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Contributed Photo by Larry Grohn / Hamilton County school board candidate Larry Grohn has been accused of stealing campaign signs belonging to the Democratic candidate for district attorney, John Allen Brooks, on June 10. Grohn said he wasn't stealing but moving signs that had been purposefully placed in front of his own.

Hamilton County school board candidate and former Chattanooga City Councilman Larry Grohn is scheduled to appear in court for allegedly stealing $710 worth of campaign signs belonging to the Democratic candidate for district attorney, John Allen Brooks, but Grohn says he didn't steal them.

Grohn, a Republican of East Ridge, told the Chattanooga Times Free Press in a text message he was moving Brooks' signs after they had been placed in front of his own.

According to a sworn Chattanooga police affidavit in support of his arrest, Grohn allegedly removed six of Brooks' campaign signs near the area of 400 S. Moore Road on June 10. Grohn said he removed two.

"Most of my signs went up between April 29 and May 6," Grohn said. "The signs for Mr. Brooks started going up around East Ridge about June 6-8th. The two signs in question were placed directly in front of mine."

Brooks said he wasn't sure exactly how many signs were taken.

"There's a lot of work in putting them up. But I would really like to ask Mr. Grohn why he took any of them, whether it was two or six," Brooks said in a phone call.

(READ MORE: Yard signs are the new Facebook)

Katie Perkins, Grohn's Democratic opponent for the District 8 school board seat in the August general election, reported witnessing Grohn placing the signs in the back of his truck while driving through the area, according to the affidavit. District 8 includes Brainerd Hills, Concord and East Ridge. Brooks will take on Republican Coty Wamp in the same election.

"I was driving home when I saw Mr. Larry Grohn removing a John Allen Brooks campaign sign from alongside North Terrace Road. Being on friendly terms, I stopped and reminded him that a candidate shouldn't move other candidates' signs in a bit of a joking manner," Perkins said in an email to the Times Free Press.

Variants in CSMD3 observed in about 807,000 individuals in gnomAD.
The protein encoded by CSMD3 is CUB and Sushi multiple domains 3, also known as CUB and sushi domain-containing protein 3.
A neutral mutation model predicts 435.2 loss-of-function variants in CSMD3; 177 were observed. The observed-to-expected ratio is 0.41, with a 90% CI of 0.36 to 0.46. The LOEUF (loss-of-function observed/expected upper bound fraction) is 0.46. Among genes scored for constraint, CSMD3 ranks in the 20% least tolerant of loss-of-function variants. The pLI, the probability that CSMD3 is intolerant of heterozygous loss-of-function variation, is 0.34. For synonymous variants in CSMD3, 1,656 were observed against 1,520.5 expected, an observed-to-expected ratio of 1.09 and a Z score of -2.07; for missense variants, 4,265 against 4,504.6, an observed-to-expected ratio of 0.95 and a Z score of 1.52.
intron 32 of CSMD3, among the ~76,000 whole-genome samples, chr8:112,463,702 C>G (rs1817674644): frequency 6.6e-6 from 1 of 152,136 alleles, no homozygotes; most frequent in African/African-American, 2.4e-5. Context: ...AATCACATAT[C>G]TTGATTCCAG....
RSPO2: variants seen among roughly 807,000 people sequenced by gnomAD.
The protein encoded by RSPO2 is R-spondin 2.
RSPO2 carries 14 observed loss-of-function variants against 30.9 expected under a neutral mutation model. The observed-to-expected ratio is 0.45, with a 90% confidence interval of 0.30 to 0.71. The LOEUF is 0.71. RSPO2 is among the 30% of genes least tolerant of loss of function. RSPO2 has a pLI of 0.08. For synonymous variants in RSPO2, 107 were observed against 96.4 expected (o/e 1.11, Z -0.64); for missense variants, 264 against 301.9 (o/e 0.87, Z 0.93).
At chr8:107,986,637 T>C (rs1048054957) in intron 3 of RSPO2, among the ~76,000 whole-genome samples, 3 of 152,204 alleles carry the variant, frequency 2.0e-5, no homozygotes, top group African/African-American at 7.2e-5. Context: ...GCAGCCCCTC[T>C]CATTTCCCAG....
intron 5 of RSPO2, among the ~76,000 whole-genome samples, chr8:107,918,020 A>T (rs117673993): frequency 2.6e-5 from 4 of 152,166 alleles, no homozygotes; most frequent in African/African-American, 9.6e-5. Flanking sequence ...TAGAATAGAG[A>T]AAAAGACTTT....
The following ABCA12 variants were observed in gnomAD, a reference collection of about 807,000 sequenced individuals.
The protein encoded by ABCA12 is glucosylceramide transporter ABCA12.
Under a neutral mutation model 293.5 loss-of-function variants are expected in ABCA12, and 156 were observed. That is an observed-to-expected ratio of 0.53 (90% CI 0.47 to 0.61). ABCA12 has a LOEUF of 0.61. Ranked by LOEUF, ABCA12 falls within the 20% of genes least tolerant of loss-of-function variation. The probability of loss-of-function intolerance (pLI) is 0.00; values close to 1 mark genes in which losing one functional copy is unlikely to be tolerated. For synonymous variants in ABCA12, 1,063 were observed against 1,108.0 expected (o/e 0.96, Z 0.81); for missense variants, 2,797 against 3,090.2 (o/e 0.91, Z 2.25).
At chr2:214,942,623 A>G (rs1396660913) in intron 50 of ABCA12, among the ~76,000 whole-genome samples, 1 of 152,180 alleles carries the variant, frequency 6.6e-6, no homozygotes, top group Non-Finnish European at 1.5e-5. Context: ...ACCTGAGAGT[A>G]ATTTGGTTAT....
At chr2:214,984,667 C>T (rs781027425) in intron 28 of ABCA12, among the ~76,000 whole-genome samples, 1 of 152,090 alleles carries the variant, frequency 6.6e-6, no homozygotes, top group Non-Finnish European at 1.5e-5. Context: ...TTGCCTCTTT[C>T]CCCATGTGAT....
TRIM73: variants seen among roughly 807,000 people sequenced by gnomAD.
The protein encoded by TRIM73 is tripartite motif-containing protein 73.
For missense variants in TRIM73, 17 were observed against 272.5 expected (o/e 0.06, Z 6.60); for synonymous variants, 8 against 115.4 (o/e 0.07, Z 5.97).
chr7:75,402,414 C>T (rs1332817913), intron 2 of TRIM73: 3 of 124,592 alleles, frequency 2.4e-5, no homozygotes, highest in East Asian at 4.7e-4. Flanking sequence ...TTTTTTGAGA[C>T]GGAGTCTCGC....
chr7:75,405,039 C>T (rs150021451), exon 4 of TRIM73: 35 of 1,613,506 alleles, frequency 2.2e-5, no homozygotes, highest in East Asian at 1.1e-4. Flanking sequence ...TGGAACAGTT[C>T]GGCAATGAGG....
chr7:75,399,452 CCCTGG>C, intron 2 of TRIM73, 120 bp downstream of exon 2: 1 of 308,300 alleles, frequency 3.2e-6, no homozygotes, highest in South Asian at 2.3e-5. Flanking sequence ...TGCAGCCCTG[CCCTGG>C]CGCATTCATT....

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Court date set for school board candidate accused of stealing campaign signs

When Perkins confronted Grohn, he told her he was doing Brooks a favor, she said.

"I called my campaign manager shortly after and told her about the encounter because I thought it was odd," she said in the email.

Grohn said he didn't tell Perkins he was doing Brooks a favor but said he intended to return the signs to Brooks.

Perkins' campaign manager, Elizabeth Baker, alerted Brooks' campaign manager, Al Douglas, to the incident, Baker said in a phone call. Douglas called the police and reported the signs as stolen, he said in a phone call. He told police Brooks had not asked Grohn to remove the signs and that he observed six signs were missing.

Perkins also gave a statement to the police, according to the affidavit.

Later that day, Douglas reached out via text to Grohn, who responded by saying he had some of Brooks' signs.

"I have two of Mr. Brooks' signs. Should I deliver them to his office?" Grohn said in the text message obtained by the Times Free Press. "Maybe you should have a conversation with the person or persons putting up his signs."

(READ MORE: Pesky, effective? Campaign signs spread like weeds)

Grohn said he then called Brooks' office to get an address to return the signs.

"I told him there was no worry about returning them, that police have already been contacted for the theft," Douglas said.

Grohn said Douglas told him he had "been caught" and a police report was filed.

"With that, I decided to do the 'fair' thing and put the two signs back up at the same locations. Now everyone's signs are visible and not blocked," Grohn said.

Based on Perkins' statement and Grohn's texts saying that he was in possession of Brooks' signs, police issued a theft of property warrant on Grohn, according to the police affidavit.

The Hamilton County General Sessions Court calendar shows Grohn is scheduled to appear before Judge Gerald Webb.

"Ridiculous waste of my time and taxpayer money," Grohn said of having to go to court. "My court date is July 22, but all the General Sessions judges and the (district attorneys) recused themselves. I have to appear in any (other) county."

(READ MORE: What happened to all the presidential yard signs?)

Hamilton County Election Commission officials told the Times Free Press that should Grohn be convicted of theft, he is still eligible to run for public office as it would be considered a misdemeanor. If charged, under state law, he could see penalties of up to 11 months and 29 days of incarceration and a $2,500 fine.

Contact Carmen Nesbitt at cnesbitt@timesfreepress.com or 423-757-6327. Follow her on Twitter @carmen_nesbitt.

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